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‘My American Cousin’ (PG)

By Paul Attanasio
Washington Post Staff Writer
September 20, 1986

Sandy Wilson's "My American Cousin" won six Genies, the Canadian equivalent of the Academy Award, which will only confirm the darkest suspicions certain people harbor toward our friendly neighbor to the north. It's one of those coming-of-age movies where we're supposed to take it on faith that the coming of age is a story worth telling, simply because of some assumed resonance with the writer/director's own experience (the heroine, too, is named Sandy). Instead of filmmaking, in other words, we get fake intimacy.

This is called "cheating."

It is the '50s, and 12-year-old Sandy (Margaret Langrick) lives on a big ranch in British Columbia, where she is bored to tears, curious about boys, and chafes under the reins of parental discipline. Enter coz, one Butch (John Wildman), a donkey interested only in girls, his hairdo and his big red Cadillac convertible. She gets a crush on him. He tries to seduce every girl even remotely involved in puberty. They have adventures. In a quiet moment, they trade pense'es on the subject of mortality. And together they chafe under the reins of parental discipline.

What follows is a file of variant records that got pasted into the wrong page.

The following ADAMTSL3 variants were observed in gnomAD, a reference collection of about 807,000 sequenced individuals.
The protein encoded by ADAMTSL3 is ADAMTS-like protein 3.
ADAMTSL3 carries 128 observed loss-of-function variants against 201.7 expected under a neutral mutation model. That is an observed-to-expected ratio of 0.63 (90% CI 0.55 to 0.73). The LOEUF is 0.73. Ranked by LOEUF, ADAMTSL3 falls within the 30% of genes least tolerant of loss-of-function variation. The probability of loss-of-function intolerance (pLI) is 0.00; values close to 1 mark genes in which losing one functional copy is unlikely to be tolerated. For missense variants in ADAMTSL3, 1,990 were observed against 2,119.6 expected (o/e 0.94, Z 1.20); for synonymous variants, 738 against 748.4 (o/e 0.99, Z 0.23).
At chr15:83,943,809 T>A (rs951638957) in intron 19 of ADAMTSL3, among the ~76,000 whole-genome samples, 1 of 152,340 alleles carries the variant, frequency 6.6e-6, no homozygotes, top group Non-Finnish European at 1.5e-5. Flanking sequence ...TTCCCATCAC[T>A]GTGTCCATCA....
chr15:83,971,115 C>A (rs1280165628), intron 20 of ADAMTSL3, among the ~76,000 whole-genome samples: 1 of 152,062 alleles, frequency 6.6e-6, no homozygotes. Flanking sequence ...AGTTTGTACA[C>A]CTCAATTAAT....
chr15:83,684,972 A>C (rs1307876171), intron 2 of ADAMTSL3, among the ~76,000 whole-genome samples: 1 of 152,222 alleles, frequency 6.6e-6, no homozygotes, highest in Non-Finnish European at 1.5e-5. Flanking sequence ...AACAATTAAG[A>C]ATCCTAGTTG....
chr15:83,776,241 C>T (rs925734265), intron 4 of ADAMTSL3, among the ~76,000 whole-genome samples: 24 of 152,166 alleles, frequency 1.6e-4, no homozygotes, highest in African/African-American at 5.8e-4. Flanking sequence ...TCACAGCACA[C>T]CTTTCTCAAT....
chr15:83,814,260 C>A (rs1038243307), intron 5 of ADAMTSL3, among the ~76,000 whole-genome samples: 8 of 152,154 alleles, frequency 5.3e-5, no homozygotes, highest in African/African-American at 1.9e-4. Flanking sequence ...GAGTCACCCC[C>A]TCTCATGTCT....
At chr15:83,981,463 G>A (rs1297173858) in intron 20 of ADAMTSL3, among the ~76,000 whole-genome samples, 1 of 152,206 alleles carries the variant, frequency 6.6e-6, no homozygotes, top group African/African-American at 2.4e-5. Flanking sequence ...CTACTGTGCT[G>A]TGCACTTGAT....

"My American Cousin" is pretty thin stuff--it's a subplot out of "American Graffiti" blown up to feature length--but Wilson does her best to make it even thinner. The story proceeds without any meaningful conflict except for the continual struggle with Sandy's parents, which doesn't provide much spice, since the parents are such caricatures.

Wilson, though, has a real taste for overdrawing--Butch's father isn't a father but the ugly Amuhrrican (his first question when he arrives at the ranch is, "How much is this place worth?").

The weakness of the story is only aggravated by the charmlessness of the leading man (the inappropriately named Wildman, who is anything but), the ineptness of the cinematography, the weird unreality of the sound, the outright perversity of the shot selection and the cheesiness of the sound track, on which a number of period tunes are sung.

The movie's rare moments of redemption come only from Langrick, an ingenuous, pie-faced actress whose pouts and eye-rolling capture everything in adolescence that is sulky, self-involved, irksome and even, at times, ingratiating.

Copyright The Washington Post

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